▶︎ Da 5 Bloods is on Netflix.
Spike Lee’s Da 5 Bloods fires shots at American revisionism of the Vietnam War through the viewfinder of African-American soldiers. Using his now familiar Brechtian storytelling style, Lee continually breaks the fourth wall, mixing archive footage, stills photography and fiction to link past and present and weaving a tale in which a turbulent father-and-son relationship and the murder of Civil Rights leaders is an allegory for historical American wrongs leading to the Black Lives Matter movement.
In this Vietnam-set adventure, Paul (Delroy Lindo) arrives at a Ho Chi Minh City hotel with his best pal Otis (Clarke Peters), where they meet with two men who they fought alongside, Melvin (Isiah Whitlock Jr.) and businessman Eddie (Norm Lewis). Ostensibly, they have reconnected to recover the body of a fallen soldier, their squad leader Stormin’ Norman (Chadwick Boseman) – but really, they just want the gold they buried alongside him.
While Lee gives a Vietnamese perspective of ‘The American War’, involving tales of broken families and post-war Communist re-education of Southerners, he still manages to underuse his Vietnamese characters. Admittedly, he does this less than movies the film implicitly praises – an overkill of Apocalypse Now references – or the many awful crackpot revisionist movies with white soldier hero narratives damned by the characters (“those fugazi Rambo movies”).
Da 5 Bloods is quite some undertaking. By and large Lee succeeds, even if along the way the story hits some cul-de-sacs with cursory plotting involving Jean Reno’s evil trafficker, the work of landmine removal, and a pot of gold taken straight out of John Huston’s The Treasure of the Sierra Madre (1948).
Where the film does chime magnificently is in the performance of Delroy Lindo as Paul, and the suggestion that past failings undermine present-day relationships. The opening salvo, featuring archive footage from America and Vietnam from the late 60s and 70s, including speeches by Muhammed Ali, Kwame Ture and Angela Davis, feels like it could be for a Black Lives Matter rally. Here, Lee asks the audience to make a connection between Paul’s failure to come to terms with his past, which has led to him voting for Trump, and America’s inability make reparations for slavery and its murder of black citizens leading to the Trump presidency.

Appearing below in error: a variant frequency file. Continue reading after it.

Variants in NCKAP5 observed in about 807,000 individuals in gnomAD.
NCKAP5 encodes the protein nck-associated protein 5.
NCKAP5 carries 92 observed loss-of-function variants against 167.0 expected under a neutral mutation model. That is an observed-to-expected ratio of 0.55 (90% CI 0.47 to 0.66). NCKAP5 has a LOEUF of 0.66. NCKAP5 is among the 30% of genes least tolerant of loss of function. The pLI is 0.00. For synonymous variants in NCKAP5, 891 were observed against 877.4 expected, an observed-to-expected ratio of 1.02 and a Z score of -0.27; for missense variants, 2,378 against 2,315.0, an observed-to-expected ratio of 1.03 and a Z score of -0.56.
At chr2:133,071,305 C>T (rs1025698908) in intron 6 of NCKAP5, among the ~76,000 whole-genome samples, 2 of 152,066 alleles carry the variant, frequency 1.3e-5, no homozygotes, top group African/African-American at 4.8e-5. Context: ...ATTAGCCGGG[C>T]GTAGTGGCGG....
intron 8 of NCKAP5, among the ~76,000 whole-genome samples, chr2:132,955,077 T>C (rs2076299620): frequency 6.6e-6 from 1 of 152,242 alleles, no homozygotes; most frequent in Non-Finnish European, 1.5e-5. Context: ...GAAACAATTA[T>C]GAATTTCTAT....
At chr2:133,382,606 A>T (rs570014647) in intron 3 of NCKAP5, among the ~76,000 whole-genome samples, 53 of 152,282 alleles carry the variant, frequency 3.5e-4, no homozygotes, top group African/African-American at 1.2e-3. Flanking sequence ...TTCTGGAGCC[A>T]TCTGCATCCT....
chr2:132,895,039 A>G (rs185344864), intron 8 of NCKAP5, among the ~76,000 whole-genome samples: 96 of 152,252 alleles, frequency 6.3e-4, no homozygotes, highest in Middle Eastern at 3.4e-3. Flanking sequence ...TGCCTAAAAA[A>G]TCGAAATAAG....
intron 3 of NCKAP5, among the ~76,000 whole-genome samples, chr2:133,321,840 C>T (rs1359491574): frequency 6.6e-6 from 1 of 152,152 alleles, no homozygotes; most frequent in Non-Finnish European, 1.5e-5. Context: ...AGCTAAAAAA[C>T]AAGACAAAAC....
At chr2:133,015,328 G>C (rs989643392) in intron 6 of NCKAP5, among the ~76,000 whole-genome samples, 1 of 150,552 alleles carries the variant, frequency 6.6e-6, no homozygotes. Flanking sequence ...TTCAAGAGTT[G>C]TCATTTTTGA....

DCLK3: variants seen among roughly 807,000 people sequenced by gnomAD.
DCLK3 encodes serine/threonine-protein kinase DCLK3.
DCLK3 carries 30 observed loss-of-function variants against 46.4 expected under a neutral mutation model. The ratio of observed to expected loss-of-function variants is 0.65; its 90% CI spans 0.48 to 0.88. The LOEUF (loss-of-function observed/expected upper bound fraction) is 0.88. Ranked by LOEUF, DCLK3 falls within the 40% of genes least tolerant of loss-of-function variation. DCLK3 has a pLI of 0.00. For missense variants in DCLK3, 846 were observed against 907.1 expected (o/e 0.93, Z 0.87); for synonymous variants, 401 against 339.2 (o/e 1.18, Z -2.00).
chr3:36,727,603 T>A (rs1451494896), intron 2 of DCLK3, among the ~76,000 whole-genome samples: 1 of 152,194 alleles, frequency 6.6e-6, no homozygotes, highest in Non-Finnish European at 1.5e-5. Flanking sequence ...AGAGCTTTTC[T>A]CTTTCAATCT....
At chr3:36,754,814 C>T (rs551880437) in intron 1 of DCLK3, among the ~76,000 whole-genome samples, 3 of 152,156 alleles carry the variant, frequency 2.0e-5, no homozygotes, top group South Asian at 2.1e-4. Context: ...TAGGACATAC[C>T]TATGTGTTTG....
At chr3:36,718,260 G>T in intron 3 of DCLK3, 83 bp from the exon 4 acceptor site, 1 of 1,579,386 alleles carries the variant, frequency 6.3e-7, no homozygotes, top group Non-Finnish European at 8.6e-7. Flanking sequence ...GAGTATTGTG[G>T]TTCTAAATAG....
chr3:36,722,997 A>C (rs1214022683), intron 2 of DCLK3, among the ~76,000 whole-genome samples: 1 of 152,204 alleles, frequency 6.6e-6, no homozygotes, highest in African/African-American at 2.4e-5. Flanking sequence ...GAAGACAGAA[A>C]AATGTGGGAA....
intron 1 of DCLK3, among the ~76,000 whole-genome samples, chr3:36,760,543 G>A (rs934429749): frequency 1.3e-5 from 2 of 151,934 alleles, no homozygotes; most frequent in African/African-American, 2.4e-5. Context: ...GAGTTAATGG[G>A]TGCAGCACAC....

Fractured filial relationships have been a feature of Lee’s movies from the get-go. In his 1986 debut, She’s Gotta Have It, Lee’s real-life father Bill Lee (a jazz musician who composed the score for the director’s first four films) plays the father who Nola Darling disappoints by quitting piano. In 1994’s semi-autobiographical Crooklyn, the father – here called Woody – is so wrapped up in his musical pursuits that he doesn’t pay the electricity bill. Woody is played by Lindo, the paternal heart of Da 5 Bloods.
Here, Lee offers two tales about fathers. The one the movie is less interested in sees Otis visit old flame Tiên (Lê Y Lan) and discovering that he sired a daughter, Michon (Sandy Huong Pham), who as a mixed-race child grew up bearing the brunt of racist abuse.
The second comes with the unexpected arrival of Paul’s son David (Jonathan Majors), heralding the film’s crucial conflict, one as contentious as the basketball battles between Denzel Washington and Ray Allen in Lee’s He Got Game (1998).
Songs from Marvin Gaye’s seminal album What’s Going On (1971) serve as a constant reminder of the black experience in America. Paul leads the guys singing What’s Happening Brother as they re-enter the jungle, stepping back into the past. (Pertinently, given the turbulent father-son relationship, Gaye was fatally shot by his dad in 1984.)
The savvy decision to allow the actors to play their younger selves in flashback sequences reinforces the film’s central thesis that past and present are intertwined. Paul’s PTSD, which sees him descend into the heart of darkness, is a reflection of America’s broken conscience. By closing with a Martin Luther King Jr. speech and an end-credit intertitle about his assassination, Lee – with mixed success – positions the Civil Rights leader as present-day America’s father, whose assassination is the country’s Rosebud.
“Why fight for a country when they lynch you?” Spike Lee on Da 5 Bloods and American lies
Lee’s new action-adventure tale Da 5 Bloods negotiates landmines, snakes and a stash of buried loot as it reflects on the legacy of the Vietnam War. Here he talks about the experience of black American soldiers during the conflict and his determination to humanise the traditional demons of Hollywood cinema, the North Vietnamese.
By Christina Newland
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